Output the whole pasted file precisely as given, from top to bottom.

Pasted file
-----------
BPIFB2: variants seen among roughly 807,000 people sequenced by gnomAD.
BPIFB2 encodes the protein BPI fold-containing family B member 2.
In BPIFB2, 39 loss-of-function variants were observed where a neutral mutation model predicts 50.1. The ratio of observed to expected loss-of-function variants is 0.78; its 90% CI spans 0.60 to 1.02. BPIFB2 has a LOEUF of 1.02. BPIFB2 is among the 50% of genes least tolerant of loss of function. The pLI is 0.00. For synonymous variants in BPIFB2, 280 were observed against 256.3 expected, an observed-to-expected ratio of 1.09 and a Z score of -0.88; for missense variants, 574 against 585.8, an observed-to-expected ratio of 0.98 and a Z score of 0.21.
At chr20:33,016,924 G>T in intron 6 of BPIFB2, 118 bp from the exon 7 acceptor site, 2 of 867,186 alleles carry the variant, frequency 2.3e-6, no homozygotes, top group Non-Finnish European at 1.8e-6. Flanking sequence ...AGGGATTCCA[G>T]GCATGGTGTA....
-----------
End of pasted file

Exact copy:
BPIFB2: variants seen among roughly 807,000 people sequenced by gnomAD.
BPIFB2 encodes the protein BPI fold-containing family B member 2.
In BPIFB2, 39 loss-of-function variants were observed where a neutral mutation model predicts 50.1. The ratio of observed to expected loss-of-function variants is 0.78; its 90% CI spans 0.60 to 1.02. BPIFB2 has a LOEUF of 1.02. BPIFB2 is among the 50% of genes least tolerant of loss of function. The pLI is 0.00. For synonymous variants in BPIFB2, 280 were observed against 256.3 expected, an observed-to-expected ratio of 1.09 and a Z score of -0.88; for missense variants, 574 against 585.8, an observed-to-expected ratio of 0.98 and a Z score of 0.21.
At chr20:33,016,924 G>T in intron 6 of BPIFB2, 118 bp from the exon 7 acceptor site, 2 of 867,186 alleles carry the variant, frequency 2.3e-6, no homozygotes, top group Non-Finnish European at 1.8e-6. Flanking sequence ...AGGGATTCCA[G>T]GCATGGTGTA....